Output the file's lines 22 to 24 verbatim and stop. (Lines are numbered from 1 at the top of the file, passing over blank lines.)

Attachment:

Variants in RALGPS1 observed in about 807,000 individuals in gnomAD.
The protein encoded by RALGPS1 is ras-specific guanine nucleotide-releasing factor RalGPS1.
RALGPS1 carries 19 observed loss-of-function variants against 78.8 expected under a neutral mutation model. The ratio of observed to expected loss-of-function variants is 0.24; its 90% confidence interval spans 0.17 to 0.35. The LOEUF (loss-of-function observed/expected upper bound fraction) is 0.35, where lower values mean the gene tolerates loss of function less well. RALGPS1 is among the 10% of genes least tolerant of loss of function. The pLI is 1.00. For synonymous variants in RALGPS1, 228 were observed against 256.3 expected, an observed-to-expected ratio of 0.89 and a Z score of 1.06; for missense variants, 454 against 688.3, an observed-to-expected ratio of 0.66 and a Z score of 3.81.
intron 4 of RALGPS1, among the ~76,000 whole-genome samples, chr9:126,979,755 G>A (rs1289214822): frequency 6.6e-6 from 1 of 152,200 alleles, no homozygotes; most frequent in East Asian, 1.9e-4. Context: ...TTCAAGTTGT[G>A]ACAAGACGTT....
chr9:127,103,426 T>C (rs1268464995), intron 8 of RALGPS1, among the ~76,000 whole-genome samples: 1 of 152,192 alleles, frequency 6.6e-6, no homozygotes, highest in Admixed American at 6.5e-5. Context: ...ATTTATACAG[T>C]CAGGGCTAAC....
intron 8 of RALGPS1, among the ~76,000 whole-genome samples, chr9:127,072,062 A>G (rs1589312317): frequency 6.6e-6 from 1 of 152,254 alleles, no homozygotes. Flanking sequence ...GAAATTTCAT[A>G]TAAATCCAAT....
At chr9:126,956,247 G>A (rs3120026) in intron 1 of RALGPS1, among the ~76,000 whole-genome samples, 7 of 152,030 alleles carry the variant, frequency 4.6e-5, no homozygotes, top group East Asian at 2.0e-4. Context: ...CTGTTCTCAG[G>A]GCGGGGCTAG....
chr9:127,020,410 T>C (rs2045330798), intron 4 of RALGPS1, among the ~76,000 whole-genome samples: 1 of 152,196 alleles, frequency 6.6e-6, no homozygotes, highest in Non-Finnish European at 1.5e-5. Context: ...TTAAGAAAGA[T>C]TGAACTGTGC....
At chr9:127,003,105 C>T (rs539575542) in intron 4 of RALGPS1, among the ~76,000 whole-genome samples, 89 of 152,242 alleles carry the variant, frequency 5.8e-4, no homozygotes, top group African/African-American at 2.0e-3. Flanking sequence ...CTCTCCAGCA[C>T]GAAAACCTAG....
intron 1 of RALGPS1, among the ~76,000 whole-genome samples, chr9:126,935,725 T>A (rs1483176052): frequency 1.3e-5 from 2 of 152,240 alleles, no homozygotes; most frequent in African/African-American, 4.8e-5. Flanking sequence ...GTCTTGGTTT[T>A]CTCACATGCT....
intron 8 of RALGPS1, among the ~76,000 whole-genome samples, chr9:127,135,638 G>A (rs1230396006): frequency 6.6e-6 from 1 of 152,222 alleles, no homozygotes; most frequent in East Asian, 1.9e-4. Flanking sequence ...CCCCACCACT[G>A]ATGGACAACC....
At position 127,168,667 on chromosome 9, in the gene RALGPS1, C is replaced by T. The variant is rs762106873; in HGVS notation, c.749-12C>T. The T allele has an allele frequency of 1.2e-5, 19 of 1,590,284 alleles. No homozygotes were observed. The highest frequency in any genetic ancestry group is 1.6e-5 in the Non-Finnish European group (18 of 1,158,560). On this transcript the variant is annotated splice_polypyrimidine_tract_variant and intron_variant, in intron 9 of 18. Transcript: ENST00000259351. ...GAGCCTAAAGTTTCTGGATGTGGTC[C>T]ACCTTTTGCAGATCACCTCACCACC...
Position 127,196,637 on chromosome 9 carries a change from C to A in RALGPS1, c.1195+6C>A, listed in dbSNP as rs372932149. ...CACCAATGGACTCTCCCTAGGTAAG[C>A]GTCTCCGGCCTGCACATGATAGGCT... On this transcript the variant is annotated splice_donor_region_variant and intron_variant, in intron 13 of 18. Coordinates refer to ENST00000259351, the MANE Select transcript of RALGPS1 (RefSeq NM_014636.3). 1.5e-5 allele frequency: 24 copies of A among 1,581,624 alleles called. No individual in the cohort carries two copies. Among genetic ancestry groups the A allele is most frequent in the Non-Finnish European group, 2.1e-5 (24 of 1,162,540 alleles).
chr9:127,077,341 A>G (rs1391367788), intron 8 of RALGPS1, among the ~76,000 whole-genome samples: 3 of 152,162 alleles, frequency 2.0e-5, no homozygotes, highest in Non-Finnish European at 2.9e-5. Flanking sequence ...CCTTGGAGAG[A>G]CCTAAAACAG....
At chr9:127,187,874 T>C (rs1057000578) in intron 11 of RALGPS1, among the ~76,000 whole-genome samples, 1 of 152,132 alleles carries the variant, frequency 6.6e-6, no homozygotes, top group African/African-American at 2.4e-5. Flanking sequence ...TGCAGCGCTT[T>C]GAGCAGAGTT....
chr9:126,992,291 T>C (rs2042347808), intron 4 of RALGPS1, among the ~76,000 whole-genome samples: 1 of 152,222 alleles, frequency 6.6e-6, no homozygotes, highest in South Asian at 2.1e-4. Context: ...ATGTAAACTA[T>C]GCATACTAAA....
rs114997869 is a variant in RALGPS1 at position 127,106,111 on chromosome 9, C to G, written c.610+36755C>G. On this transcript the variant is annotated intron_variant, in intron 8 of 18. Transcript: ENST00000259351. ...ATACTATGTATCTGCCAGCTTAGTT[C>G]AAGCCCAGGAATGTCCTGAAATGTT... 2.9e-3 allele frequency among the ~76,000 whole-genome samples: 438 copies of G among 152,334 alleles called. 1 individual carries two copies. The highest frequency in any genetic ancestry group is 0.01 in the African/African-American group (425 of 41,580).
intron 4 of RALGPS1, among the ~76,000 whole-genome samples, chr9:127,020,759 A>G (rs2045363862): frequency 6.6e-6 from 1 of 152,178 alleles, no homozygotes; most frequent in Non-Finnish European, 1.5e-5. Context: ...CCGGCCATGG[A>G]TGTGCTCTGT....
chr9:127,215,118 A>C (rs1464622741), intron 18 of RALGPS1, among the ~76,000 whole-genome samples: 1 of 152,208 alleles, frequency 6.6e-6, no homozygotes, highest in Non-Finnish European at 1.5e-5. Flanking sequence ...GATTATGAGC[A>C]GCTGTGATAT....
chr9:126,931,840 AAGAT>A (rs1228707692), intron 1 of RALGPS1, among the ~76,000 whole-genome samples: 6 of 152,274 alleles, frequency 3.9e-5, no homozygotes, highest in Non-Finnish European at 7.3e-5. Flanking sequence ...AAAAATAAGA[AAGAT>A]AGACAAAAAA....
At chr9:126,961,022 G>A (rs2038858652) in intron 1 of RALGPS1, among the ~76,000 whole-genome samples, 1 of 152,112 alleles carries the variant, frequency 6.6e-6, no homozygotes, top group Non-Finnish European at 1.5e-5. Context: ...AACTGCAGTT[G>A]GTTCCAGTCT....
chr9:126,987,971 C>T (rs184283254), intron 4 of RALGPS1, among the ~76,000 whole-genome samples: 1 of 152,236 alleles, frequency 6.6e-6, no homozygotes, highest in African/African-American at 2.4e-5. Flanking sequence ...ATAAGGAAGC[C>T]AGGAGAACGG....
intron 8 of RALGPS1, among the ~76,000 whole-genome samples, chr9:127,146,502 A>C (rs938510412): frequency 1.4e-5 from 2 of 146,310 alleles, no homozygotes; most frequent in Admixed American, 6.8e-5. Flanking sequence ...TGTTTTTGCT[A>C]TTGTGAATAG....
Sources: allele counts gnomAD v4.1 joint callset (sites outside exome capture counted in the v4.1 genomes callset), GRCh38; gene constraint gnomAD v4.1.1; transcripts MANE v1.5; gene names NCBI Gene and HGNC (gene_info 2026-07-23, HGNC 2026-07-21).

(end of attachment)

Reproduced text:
chr9:126,987,971 C>T (rs184283254), intron 4 of RALGPS1, among the ~76,000 whole-genome samples: 1 of 152,236 alleles, frequency 6.6e-6, no homozygotes, highest in African/African-American at 2.4e-5. Flanking sequence ...ATAAGGAAGC[C>T]AGGAGAACGG....
intron 8 of RALGPS1, among the ~76,000 whole-genome samples, chr9:127,146,502 A>C (rs938510412): frequency 1.4e-5 from 2 of 146,310 alleles, no homozygotes; most frequent in Admixed American, 6.8e-5. Flanking sequence ...TGTTTTTGCT[A>C]TTGTGAATAG....
Sources: allele counts gnomAD v4.1 joint callset (sites outside exome capture counted in the v4.1 genomes callset), GRCh38; gene constraint gnomAD v4.1.1; transcripts MANE v1.5; gene names NCBI Gene and HGNC (gene_info 2026-07-23, HGNC 2026-07-21).